|Abstract or Summary
- The ecology of netleaf hackberry (Celtis reticulata Torr.) is poorly known
throughout its broad western range. To gain some understanding of the species' basic
ecology, three components of its life history were studied. First, seed germination
requirements were analyzed under laboratory conditions. Second, hackberry population
dynamics were evaluated from tree size and age structures. Lastly, an examination of
hackberry's response to fire was made, using tree-level post-fire data.
A higher percentage of non-stratified hackberry seed germinates if the seed is
mechanically scarified. While germination percent is low, the treatment may eliminate
the 120-day stratification period recommended by some authorities. Even with cold
stratification, germination is usually quite low for Celtis species.
Fermenting fruits for 72 hours and subsequent depulping prior to scarification did
not significantly increase germination levels, as hypothesized. However, seed that was
not scarified but was fermented with its pulp intact germinated at a higher rate than the
non-fermented, non-scarified seed. This result may be significant to its biology. Seed is
typically cleaned prior to planting by seed distributors. However, hackberry seed with its
pulp retained may in fact have a superior germination rate, as it is allowed to undergo
natural processes of fermentation resulting from moist field conditions.
In Idaho, hackberry's uniquely fragmented distribution appears to be controlled
by a variety of factors. Hackberry is generally restricted to semi-arid portions of the
state where temperatures are least severe during the winter months, such as in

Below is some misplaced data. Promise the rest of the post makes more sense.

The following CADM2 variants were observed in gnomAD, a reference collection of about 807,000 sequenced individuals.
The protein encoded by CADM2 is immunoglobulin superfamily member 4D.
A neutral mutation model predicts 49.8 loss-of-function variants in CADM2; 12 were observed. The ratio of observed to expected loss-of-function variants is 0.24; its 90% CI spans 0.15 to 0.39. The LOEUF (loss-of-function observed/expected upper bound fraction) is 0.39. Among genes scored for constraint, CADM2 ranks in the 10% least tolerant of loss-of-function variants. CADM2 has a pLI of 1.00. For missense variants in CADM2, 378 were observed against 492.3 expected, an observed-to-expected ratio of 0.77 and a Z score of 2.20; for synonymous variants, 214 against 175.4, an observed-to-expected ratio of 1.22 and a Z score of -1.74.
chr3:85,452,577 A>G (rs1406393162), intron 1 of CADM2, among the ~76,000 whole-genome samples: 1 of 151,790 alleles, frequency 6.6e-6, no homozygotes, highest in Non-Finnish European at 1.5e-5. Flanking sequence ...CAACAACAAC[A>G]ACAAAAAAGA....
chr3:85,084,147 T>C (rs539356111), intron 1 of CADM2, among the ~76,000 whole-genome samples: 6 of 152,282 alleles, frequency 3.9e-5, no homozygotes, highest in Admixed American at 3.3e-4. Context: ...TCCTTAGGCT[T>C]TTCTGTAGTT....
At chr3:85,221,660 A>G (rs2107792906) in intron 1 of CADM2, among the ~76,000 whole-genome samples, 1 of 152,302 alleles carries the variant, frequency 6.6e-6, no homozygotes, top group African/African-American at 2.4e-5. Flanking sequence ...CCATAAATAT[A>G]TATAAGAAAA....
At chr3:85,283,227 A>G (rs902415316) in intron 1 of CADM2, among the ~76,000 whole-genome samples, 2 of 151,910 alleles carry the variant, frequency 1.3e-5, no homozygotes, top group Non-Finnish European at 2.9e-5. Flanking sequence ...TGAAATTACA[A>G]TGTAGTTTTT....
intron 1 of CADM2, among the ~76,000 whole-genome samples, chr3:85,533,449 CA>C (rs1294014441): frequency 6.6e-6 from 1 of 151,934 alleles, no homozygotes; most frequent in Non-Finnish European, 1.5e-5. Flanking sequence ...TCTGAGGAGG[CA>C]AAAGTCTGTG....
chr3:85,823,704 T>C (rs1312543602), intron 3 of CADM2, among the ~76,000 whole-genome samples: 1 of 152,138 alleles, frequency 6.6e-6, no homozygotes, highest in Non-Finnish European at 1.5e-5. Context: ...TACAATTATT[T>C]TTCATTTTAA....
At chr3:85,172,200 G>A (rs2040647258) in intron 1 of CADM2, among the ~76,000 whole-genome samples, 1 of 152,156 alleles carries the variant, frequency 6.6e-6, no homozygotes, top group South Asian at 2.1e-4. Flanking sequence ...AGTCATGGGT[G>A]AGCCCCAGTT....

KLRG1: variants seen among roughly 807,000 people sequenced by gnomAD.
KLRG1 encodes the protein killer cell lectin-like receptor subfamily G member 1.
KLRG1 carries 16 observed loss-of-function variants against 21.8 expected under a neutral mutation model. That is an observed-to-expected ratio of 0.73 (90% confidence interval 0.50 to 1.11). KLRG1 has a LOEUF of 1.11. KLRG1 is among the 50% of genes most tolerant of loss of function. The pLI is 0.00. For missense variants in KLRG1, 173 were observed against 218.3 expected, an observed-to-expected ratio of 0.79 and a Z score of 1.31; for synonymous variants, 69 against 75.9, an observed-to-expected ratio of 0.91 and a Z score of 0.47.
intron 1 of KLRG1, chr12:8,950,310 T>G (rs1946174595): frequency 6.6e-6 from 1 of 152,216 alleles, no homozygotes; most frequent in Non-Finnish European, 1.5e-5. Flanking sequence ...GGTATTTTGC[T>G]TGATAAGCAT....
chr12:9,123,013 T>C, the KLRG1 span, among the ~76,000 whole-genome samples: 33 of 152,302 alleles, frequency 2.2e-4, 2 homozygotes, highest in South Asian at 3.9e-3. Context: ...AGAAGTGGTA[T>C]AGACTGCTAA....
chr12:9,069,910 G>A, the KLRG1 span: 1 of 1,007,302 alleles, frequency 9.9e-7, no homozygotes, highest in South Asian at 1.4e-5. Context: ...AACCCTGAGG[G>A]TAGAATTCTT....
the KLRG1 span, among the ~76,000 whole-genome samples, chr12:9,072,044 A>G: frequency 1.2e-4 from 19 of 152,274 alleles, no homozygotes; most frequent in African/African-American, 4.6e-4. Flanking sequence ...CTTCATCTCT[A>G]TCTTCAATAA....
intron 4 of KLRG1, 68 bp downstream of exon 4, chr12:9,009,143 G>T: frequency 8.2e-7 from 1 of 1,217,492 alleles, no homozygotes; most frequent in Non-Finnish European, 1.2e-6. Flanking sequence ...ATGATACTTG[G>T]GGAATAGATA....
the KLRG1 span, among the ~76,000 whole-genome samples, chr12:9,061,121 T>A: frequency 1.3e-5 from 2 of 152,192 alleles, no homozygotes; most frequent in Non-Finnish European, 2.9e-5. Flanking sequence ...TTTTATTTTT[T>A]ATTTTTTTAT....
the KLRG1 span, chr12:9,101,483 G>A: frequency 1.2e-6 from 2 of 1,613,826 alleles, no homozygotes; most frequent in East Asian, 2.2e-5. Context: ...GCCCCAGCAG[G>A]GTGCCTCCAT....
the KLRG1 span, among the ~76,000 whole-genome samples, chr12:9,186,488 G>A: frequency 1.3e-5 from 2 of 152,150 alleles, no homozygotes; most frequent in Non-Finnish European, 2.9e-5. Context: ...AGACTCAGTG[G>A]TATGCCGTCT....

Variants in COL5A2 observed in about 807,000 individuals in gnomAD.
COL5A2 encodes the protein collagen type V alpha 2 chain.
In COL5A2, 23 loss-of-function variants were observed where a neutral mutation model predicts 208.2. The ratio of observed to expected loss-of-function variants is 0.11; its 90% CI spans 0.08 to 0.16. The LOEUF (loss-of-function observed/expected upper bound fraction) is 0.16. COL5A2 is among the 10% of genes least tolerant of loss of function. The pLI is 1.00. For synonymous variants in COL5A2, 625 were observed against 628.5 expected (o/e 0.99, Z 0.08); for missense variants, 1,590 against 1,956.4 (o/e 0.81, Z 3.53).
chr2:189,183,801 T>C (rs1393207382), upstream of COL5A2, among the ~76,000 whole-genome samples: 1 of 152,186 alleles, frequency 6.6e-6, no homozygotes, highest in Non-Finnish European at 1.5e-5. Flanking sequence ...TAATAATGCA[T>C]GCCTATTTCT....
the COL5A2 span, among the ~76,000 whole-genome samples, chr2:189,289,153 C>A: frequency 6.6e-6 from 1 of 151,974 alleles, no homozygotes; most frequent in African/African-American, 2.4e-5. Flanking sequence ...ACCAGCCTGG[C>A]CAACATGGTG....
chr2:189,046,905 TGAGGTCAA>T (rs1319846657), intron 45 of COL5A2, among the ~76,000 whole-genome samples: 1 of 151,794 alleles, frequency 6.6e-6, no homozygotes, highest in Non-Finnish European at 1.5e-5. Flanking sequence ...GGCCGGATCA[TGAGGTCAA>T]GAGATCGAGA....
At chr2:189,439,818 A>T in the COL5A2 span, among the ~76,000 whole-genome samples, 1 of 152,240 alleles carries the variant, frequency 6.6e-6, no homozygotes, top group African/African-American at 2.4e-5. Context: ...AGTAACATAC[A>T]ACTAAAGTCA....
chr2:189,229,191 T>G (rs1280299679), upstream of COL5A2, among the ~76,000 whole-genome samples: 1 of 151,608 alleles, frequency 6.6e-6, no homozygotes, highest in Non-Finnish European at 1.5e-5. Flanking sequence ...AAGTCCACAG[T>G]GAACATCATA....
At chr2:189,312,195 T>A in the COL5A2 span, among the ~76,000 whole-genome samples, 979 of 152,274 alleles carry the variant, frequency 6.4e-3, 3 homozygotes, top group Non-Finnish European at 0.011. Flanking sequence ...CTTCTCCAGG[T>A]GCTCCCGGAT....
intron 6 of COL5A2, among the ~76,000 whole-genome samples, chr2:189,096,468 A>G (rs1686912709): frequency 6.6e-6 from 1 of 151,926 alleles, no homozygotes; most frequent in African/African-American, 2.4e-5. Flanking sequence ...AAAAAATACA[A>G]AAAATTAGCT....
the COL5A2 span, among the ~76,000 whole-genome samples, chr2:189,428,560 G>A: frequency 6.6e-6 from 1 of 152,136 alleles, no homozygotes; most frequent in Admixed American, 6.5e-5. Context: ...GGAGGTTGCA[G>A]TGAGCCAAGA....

moderated river canyons, or at elevations below 1600 m. It occurs in a variety of
habitats, from riparian to upland, however it is most abundant on sites with a southeast-to
southwesterly aspect and a rocky surface cover. The presence of rock below the
surface may be equally important, but this factor was not quantified.
Hackberry is a slow-growing species in Idaho, averaging 3.9 m tall at 50 years.
Differences in hackberry growth rate under a variety of site conditions were evaluated by
a site index constructed from the log-log regression of height on age. Trees reach
maximum heights where topographic shelter is greatest, such as in draws, and where soils
are loamy. However, well-drained soils may be important, as nearly all soils had some
sand or skeletal component. Hackberry can be long-lived, with the maximum age
recorded at 374 years; the average age was 66 years (N = 959 trees).
Hackberry appears to be reproducing, in spite of habitat degradation caused by
livestock overgrazing, alien plant invasion, and increasing fire frequencies. However,
newly established even-aged stands are rare and are generally found along waterways on
stream terraces or at high water lines. In these areas, surface rock cover was typically
high, with the rock providing a moderated below-ground microclimate, as well as
protection from herbivores. Recruitment is favored by rockiness at the surface, but
growth rates of established individuals are not higher with more surface rock. Under
severe livestock grazing pressure, stands had a single dominant cohort and lowered
Fire-caused mortality of hackberry growing in low density stands appears to be
uncommon in Idaho. In nine burns, only 8% of the trees (N = 161) were dead after the
fires. This mortality, however, cannot be attributed solely to fire, as pre-burn vigor was
not evaluated. Individuals typically persist or resprout following fire.
Mortality rates were highest for individuals with a high percent cover of live
vegetation below their canopy. Temperatures were probably more intense within the live
vegetation, where the fire could feasibly linger long enough to kill the roots of the
associated hackberry. While burns in high density stands were not observed, these burns
could result in greater mortality, due to their greater continuity of plant cover.